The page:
Deep clays and surface weathering: two types of alteration on Mars
Séminaires du Campus spatial
Salle Paul Klee 454A, bat. Condorcet
Université Lyon 1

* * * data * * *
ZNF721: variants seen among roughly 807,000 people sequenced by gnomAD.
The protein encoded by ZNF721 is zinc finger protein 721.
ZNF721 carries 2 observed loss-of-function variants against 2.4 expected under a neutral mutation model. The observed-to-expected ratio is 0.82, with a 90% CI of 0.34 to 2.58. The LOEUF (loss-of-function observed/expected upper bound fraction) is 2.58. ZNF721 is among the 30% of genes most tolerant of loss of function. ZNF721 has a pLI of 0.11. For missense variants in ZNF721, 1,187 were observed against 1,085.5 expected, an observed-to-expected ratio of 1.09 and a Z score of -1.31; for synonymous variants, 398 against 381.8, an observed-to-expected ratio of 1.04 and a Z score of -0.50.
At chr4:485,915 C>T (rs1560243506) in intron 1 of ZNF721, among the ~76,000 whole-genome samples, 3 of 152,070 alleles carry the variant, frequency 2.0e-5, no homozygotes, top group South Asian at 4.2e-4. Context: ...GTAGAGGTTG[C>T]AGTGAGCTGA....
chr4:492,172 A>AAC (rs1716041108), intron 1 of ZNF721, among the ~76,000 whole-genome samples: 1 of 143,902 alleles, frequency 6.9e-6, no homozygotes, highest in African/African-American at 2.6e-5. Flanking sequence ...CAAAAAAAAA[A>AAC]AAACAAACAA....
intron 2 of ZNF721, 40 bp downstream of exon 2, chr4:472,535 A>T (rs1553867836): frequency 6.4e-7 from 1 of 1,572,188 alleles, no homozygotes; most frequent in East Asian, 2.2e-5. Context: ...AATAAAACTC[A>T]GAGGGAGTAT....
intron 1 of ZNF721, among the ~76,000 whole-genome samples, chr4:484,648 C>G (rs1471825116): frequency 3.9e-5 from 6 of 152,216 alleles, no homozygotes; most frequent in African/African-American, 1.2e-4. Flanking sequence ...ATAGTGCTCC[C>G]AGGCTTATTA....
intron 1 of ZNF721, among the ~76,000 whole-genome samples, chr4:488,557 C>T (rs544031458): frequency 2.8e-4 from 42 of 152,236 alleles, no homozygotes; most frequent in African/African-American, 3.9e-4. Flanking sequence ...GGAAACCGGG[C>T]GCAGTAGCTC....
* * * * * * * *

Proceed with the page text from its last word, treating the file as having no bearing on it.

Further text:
During the last decade, Martian Orbiters and Rover missions have provided new evidences of the ancient role of liquid water on Mars: we now have mineralogical detections to be added to the previous morphological observations. Liquid water is our most important tracer of a possible habitability of other planets and satellites. One of the discoveries concerns the phyllosilicates (e.g. clay minerals) which form by alteration of other rocks, over extant period of time, in the presence of liquid water. They have been detected and mapped from orbit by Mars Express (ESA) and Mars Reconnaissance Orbiter (NASA), and are driving the selection of landing sites on Mars for the future rover missions (Mars Science Laboratory, ExoMars...). Following the detection of these hydrated minerals, we need to understand the geological and climatological context of their formation, to constrain when water was present, how much and for how long, and the chemical environment at that time. I have been studying clay-bearing outcrops on Mars with many different datasets from the last 4 Martian orbiters. I will describe two very different types of environments were clays-bearing units formed, from kilometer depth to surface weathering.